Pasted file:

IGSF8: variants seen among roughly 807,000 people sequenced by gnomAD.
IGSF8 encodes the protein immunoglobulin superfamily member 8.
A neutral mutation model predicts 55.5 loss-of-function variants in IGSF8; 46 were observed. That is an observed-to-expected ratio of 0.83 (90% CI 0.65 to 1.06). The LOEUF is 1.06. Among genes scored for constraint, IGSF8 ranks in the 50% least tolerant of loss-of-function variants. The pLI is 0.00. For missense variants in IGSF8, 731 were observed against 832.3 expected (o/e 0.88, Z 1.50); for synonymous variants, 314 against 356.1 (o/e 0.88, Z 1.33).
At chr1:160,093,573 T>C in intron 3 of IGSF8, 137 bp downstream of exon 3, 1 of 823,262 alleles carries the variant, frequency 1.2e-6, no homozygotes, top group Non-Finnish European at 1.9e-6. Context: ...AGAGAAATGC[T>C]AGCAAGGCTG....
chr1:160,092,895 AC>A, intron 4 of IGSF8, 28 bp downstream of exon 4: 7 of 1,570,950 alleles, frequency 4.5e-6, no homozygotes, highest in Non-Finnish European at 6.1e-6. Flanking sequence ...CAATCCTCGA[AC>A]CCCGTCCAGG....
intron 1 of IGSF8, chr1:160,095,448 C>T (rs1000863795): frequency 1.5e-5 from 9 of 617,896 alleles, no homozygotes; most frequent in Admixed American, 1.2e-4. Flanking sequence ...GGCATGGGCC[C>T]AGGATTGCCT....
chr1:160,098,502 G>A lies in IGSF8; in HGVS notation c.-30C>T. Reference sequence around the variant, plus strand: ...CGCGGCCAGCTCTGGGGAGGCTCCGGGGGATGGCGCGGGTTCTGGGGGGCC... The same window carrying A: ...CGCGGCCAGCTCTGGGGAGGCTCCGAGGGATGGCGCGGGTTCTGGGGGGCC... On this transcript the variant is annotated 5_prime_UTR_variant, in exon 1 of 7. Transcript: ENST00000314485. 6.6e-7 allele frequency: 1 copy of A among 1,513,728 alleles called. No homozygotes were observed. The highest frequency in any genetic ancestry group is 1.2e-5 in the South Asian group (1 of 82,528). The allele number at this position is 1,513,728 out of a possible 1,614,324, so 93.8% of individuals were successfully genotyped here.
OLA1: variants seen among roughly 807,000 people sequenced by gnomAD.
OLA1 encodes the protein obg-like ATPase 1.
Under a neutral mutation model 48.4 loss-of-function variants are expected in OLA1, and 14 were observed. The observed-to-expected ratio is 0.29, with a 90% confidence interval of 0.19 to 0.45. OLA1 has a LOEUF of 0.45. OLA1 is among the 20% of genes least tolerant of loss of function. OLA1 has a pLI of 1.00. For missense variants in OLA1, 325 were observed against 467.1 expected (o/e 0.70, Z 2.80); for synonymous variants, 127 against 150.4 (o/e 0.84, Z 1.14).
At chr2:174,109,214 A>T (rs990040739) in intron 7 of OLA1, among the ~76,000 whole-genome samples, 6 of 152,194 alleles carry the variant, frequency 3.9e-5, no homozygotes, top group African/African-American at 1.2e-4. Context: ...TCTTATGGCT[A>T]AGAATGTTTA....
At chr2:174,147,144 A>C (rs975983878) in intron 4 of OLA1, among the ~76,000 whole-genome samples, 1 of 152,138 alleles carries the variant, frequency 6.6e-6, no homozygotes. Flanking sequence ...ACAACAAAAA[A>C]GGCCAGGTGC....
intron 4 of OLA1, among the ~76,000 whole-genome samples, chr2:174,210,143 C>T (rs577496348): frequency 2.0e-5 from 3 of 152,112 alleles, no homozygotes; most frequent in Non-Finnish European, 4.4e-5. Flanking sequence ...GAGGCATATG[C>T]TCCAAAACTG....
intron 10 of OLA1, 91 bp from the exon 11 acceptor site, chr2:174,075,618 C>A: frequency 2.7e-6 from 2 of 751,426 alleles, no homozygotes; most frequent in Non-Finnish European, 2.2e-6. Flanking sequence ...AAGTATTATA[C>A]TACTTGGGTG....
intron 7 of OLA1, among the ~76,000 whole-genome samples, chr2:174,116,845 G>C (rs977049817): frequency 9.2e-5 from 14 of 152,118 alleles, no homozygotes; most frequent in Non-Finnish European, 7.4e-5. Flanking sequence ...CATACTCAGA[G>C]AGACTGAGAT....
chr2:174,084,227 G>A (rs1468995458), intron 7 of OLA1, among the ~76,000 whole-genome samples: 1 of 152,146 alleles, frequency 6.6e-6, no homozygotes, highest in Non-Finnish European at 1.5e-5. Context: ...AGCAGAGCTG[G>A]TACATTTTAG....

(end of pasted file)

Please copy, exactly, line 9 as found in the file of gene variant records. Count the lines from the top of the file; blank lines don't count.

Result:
OLA1 encodes the protein obg-like ATPase 1.